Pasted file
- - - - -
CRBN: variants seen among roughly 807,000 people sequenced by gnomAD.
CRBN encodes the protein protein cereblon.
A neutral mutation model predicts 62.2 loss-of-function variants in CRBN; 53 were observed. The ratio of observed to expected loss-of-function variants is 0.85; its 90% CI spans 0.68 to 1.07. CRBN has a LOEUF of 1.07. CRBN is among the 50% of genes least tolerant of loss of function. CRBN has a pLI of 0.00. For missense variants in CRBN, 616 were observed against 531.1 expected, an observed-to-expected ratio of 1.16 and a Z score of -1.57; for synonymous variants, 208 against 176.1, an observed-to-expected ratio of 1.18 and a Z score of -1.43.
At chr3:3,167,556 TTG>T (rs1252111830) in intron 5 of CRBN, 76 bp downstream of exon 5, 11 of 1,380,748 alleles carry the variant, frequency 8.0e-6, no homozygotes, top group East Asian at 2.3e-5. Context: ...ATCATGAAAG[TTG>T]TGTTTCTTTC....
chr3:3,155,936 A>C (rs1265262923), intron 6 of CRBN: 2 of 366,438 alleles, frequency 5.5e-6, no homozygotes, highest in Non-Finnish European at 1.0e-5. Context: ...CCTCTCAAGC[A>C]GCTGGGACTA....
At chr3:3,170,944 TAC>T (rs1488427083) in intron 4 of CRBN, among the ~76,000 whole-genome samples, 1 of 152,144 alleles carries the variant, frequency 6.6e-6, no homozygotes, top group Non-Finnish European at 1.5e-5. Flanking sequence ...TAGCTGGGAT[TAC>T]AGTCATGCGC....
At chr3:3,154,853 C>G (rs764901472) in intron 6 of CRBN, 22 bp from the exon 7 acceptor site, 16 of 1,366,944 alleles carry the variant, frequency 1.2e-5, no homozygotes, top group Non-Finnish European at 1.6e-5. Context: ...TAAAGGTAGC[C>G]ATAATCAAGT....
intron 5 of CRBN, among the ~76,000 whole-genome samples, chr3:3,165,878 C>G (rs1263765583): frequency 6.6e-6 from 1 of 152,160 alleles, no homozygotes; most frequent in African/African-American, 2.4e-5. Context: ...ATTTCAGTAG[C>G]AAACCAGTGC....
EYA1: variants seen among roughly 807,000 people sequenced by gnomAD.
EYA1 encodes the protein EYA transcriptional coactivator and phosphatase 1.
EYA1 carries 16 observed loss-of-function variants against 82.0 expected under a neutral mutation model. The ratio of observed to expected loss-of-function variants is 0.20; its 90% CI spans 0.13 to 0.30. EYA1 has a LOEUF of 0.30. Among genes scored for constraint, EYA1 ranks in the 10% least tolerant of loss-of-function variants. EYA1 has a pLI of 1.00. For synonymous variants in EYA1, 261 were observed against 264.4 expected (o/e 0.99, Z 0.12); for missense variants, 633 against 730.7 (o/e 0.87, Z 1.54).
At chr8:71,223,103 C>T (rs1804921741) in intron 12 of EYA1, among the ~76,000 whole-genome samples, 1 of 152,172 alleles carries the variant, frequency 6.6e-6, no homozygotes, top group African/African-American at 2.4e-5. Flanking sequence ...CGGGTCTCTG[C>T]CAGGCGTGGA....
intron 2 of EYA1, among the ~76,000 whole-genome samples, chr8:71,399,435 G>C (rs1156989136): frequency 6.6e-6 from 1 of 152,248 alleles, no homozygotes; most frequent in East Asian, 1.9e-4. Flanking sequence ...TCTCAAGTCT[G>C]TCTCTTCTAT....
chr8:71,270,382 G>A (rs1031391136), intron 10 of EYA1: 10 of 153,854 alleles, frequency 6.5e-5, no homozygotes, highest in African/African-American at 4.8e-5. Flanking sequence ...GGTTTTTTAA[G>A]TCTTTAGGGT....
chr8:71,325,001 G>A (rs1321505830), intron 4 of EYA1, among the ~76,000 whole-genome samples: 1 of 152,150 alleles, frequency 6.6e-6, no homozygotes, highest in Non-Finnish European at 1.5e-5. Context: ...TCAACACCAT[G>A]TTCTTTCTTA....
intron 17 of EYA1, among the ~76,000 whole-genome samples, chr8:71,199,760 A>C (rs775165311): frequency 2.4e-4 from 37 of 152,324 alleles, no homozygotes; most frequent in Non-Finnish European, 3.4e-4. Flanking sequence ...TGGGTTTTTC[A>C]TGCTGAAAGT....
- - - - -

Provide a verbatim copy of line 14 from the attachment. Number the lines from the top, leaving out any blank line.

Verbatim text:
chr8:71,270,382 G>A (rs1031391136), intron 10 of EYA1: 10 of 153,854 alleles, frequency 6.5e-5, no homozygotes, highest in African/African-American at 4.8e-5. Flanking sequence ...GGTTTTTTAA[G>A]TCTTTAGGGT....